Farber said the feedback from the participants was amazing.
“A lot of people who were playing violin said that they were actually observers as much as they were performers because the of the installation performance taking place all around the stage,” Farber said. “(In this festival) we had a really fun time doing all kinds of projects that were outside traditional artistic contexts. This was just one of the ways in which the context really transformed the work.”
On Saturday, the festival continued to expand, featuring multiple events throughout the day. Artists Lisa Harris, Autumn Knight and M’Kina Tapscott hosted the Flower Man Bike Parade. In the parade, people decorated their bikes with flowers and retraced the route of Cleveland Turner, or “The Flower Man,” a popular cyclist from the Third Ward who recently passed away.
Other events in the Third Ward included dedications by Otabenga Jones & Associates. The collective featured public speakers, music, readings and the unveiling of public monuments created by the collective.
At DiverseWorks, filmmaker and visual artist Wu Tsang performed a special piece for the festival titled Moved by Motion.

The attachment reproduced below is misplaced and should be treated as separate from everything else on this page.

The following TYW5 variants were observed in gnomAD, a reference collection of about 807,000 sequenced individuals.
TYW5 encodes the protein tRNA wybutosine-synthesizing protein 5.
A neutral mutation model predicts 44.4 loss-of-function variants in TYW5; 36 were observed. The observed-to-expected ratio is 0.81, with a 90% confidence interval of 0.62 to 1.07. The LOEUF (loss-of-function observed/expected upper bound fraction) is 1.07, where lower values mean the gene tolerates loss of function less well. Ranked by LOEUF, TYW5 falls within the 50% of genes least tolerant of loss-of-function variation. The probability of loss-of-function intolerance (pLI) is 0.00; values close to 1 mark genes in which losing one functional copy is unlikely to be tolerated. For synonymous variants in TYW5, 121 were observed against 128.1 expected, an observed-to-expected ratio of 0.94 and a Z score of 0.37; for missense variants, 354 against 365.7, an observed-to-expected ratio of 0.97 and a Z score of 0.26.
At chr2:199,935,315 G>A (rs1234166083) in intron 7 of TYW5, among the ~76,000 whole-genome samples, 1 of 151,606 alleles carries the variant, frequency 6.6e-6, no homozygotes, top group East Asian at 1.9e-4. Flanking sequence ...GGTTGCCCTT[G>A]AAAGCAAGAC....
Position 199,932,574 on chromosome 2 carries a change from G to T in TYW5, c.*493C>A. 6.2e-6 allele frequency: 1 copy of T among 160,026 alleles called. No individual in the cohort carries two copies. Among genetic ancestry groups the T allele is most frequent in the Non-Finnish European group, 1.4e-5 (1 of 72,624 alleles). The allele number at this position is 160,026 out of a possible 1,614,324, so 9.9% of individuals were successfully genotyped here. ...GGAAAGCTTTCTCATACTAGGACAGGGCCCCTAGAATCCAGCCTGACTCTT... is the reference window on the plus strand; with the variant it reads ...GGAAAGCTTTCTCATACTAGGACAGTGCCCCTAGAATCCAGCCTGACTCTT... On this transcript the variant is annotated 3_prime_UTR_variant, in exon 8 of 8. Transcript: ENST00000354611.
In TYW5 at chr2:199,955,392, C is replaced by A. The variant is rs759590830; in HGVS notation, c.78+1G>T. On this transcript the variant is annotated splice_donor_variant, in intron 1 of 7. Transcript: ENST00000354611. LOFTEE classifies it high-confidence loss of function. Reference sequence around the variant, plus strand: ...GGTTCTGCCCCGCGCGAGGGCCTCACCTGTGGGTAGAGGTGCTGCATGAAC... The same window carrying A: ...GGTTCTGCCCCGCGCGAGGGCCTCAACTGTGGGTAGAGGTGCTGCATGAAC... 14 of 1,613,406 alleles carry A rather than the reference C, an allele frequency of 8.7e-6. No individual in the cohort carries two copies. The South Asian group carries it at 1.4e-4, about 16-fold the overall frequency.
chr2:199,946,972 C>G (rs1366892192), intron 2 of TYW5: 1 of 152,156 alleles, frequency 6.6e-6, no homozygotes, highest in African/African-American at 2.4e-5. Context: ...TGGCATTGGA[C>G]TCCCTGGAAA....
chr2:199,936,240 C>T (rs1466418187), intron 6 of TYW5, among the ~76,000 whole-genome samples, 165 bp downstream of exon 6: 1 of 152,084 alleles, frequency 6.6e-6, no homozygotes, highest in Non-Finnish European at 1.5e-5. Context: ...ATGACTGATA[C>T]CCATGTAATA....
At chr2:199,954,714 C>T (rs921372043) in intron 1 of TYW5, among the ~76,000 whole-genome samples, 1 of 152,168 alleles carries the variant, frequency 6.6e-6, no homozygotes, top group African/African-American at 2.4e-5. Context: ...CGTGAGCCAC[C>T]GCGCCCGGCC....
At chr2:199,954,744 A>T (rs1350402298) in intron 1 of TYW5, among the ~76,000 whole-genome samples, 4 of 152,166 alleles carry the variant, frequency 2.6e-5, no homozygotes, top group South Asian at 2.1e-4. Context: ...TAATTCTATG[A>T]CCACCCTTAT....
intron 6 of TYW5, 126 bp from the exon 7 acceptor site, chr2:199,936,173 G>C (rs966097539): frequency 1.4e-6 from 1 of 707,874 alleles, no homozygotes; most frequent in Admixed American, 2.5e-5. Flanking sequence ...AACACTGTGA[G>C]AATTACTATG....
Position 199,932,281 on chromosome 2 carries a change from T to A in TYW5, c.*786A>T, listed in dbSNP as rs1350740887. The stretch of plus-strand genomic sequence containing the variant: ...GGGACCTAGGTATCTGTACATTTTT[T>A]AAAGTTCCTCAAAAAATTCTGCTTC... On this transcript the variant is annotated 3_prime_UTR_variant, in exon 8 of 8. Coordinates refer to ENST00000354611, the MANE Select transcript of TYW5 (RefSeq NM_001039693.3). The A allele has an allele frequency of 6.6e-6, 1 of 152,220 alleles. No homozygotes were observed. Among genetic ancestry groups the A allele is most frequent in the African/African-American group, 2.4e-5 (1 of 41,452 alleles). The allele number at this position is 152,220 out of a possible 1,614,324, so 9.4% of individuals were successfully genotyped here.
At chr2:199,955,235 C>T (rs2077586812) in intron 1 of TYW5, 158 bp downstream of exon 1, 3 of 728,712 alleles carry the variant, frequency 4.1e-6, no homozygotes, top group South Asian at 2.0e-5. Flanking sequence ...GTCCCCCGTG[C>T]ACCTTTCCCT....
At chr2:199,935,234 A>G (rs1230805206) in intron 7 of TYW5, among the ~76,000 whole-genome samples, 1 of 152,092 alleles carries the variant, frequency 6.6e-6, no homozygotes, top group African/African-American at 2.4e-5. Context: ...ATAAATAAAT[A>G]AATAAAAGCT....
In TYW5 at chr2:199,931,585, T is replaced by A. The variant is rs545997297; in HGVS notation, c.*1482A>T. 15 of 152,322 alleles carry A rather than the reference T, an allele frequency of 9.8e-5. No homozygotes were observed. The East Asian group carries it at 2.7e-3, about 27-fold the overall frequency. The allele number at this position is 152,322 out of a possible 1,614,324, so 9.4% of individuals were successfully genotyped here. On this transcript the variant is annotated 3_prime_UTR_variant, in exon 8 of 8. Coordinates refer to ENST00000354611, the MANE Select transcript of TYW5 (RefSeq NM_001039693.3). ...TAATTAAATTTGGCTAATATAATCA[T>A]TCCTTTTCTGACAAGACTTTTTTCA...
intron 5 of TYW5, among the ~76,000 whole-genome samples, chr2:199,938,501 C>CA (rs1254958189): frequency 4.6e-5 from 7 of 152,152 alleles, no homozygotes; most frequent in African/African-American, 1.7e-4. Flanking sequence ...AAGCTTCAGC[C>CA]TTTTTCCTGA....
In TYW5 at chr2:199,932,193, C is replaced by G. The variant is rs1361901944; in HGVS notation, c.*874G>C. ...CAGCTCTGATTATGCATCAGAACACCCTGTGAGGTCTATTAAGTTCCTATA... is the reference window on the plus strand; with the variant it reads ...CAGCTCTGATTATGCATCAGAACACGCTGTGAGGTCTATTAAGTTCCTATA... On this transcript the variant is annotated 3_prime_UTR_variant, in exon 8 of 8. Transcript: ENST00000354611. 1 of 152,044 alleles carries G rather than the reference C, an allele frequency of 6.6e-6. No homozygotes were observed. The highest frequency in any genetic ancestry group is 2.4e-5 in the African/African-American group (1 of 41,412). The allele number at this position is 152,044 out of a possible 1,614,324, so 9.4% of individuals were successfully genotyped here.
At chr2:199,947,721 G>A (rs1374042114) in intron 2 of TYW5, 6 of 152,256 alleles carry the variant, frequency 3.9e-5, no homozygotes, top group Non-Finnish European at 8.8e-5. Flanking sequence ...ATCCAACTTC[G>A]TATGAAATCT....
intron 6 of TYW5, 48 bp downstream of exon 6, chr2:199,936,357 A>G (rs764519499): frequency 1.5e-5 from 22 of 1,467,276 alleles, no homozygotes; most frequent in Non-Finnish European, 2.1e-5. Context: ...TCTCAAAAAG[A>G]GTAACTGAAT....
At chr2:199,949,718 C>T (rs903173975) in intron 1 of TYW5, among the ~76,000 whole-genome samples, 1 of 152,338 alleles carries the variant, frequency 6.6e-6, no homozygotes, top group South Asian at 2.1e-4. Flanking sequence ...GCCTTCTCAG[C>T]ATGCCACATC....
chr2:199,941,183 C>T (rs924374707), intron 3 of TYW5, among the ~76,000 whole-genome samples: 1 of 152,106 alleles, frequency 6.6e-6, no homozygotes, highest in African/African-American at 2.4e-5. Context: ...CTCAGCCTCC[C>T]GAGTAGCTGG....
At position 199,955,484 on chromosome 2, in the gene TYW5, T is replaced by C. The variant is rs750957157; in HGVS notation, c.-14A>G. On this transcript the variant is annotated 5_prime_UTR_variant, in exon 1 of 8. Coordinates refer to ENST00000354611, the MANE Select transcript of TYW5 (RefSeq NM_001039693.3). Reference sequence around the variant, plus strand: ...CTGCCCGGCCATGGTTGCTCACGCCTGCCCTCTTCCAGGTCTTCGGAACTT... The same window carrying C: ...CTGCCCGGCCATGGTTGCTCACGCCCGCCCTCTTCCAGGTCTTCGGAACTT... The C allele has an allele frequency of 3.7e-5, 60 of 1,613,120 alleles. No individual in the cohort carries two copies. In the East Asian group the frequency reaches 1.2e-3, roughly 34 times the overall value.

CounterCurrent organizers hosted a pop-up wrap party in downtown featuring music and sound to close out the weekend. Artists, organizers, students and festivalgoers had the chance to mix and mingle and discuss their experiences at the event.
“Being around the art culture is really fulfilling, and it is amazing to see how much it affects the community,” said public relations junior Tatyana Parham. “The Mitchell Center really likes to reach out to people, and it’s nice to be around that. It’s nice to see how many people came out. I wasn’t expecting this turn out.”
Several of the installations and projects presented at the event will continue after the event’s closing.
Installations and projects such as Steve Rowell’s Uncanny Sensing (Texas Protype), Byron Au Yong and Susie J. Lee’s Piano Concerto, the Invisible City, Vein of Sky and Antena will all be available for various lengths of time following the event.